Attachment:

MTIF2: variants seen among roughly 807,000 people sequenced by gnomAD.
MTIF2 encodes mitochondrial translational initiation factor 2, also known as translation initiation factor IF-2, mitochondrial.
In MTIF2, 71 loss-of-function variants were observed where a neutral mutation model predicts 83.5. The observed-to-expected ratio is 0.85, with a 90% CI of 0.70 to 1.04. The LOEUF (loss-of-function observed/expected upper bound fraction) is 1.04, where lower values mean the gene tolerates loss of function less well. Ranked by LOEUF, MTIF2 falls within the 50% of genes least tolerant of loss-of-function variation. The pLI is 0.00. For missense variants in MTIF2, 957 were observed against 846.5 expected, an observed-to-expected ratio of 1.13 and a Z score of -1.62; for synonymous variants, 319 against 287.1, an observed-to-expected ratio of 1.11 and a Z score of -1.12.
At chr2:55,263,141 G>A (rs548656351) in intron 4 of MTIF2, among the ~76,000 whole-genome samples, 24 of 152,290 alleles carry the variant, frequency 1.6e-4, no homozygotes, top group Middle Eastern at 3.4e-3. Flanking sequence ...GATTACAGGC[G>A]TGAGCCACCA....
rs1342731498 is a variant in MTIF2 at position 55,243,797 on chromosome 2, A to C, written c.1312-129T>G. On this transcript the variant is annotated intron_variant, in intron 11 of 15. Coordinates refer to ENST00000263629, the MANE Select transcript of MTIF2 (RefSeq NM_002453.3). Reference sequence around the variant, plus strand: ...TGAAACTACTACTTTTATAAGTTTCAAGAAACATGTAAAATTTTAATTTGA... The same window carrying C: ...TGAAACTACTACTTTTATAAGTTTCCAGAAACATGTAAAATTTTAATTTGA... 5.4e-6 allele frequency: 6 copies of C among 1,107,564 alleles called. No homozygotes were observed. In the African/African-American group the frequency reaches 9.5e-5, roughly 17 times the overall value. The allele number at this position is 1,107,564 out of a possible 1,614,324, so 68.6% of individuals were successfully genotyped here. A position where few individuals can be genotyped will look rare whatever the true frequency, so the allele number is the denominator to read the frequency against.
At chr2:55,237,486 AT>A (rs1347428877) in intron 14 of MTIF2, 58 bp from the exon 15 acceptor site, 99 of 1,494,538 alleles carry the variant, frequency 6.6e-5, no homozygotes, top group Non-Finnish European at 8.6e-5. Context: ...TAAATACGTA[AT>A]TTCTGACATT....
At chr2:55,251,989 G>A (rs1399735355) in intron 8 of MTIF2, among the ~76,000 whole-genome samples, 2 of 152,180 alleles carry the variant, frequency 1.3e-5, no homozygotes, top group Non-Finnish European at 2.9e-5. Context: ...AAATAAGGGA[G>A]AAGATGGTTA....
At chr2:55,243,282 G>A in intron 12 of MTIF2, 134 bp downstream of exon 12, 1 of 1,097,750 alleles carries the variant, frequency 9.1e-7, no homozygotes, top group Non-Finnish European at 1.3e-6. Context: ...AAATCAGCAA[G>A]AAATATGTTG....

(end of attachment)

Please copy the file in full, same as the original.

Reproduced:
MTIF2: variants seen among roughly 807,000 people sequenced by gnomAD.
MTIF2 encodes mitochondrial translational initiation factor 2, also known as translation initiation factor IF-2, mitochondrial.
In MTIF2, 71 loss-of-function variants were observed where a neutral mutation model predicts 83.5. The observed-to-expected ratio is 0.85, with a 90% CI of 0.70 to 1.04. The LOEUF (loss-of-function observed/expected upper bound fraction) is 1.04, where lower values mean the gene tolerates loss of function less well. Ranked by LOEUF, MTIF2 falls within the 50% of genes least tolerant of loss-of-function variation. The pLI is 0.00. For missense variants in MTIF2, 957 were observed against 846.5 expected, an observed-to-expected ratio of 1.13 and a Z score of -1.62; for synonymous variants, 319 against 287.1, an observed-to-expected ratio of 1.11 and a Z score of -1.12.
At chr2:55,263,141 G>A (rs548656351) in intron 4 of MTIF2, among the ~76,000 whole-genome samples, 24 of 152,290 alleles carry the variant, frequency 1.6e-4, no homozygotes, top group Middle Eastern at 3.4e-3. Flanking sequence ...GATTACAGGC[G>A]TGAGCCACCA....
rs1342731498 is a variant in MTIF2 at position 55,243,797 on chromosome 2, A to C, written c.1312-129T>G. On this transcript the variant is annotated intron_variant, in intron 11 of 15. Coordinates refer to ENST00000263629, the MANE Select transcript of MTIF2 (RefSeq NM_002453.3). Reference sequence around the variant, plus strand: ...TGAAACTACTACTTTTATAAGTTTCAAGAAACATGTAAAATTTTAATTTGA... The same window carrying C: ...TGAAACTACTACTTTTATAAGTTTCCAGAAACATGTAAAATTTTAATTTGA... 5.4e-6 allele frequency: 6 copies of C among 1,107,564 alleles called. No homozygotes were observed. In the African/African-American group the frequency reaches 9.5e-5, roughly 17 times the overall value. The allele number at this position is 1,107,564 out of a possible 1,614,324, so 68.6% of individuals were successfully genotyped here. A position where few individuals can be genotyped will look rare whatever the true frequency, so the allele number is the denominator to read the frequency against.
At chr2:55,237,486 AT>A (rs1347428877) in intron 14 of MTIF2, 58 bp from the exon 15 acceptor site, 99 of 1,494,538 alleles carry the variant, frequency 6.6e-5, no homozygotes, top group Non-Finnish European at 8.6e-5. Context: ...TAAATACGTA[AT>A]TTCTGACATT....
At chr2:55,251,989 G>A (rs1399735355) in intron 8 of MTIF2, among the ~76,000 whole-genome samples, 2 of 152,180 alleles carry the variant, frequency 1.3e-5, no homozygotes, top group Non-Finnish European at 2.9e-5. Context: ...AAATAAGGGA[G>A]AAGATGGTTA....
At chr2:55,243,282 G>A in intron 12 of MTIF2, 134 bp downstream of exon 12, 1 of 1,097,750 alleles carries the variant, frequency 9.1e-7, no homozygotes, top group Non-Finnish European at 1.3e-6. Context: ...AAATCAGCAA[G>A]AAATATGTTG....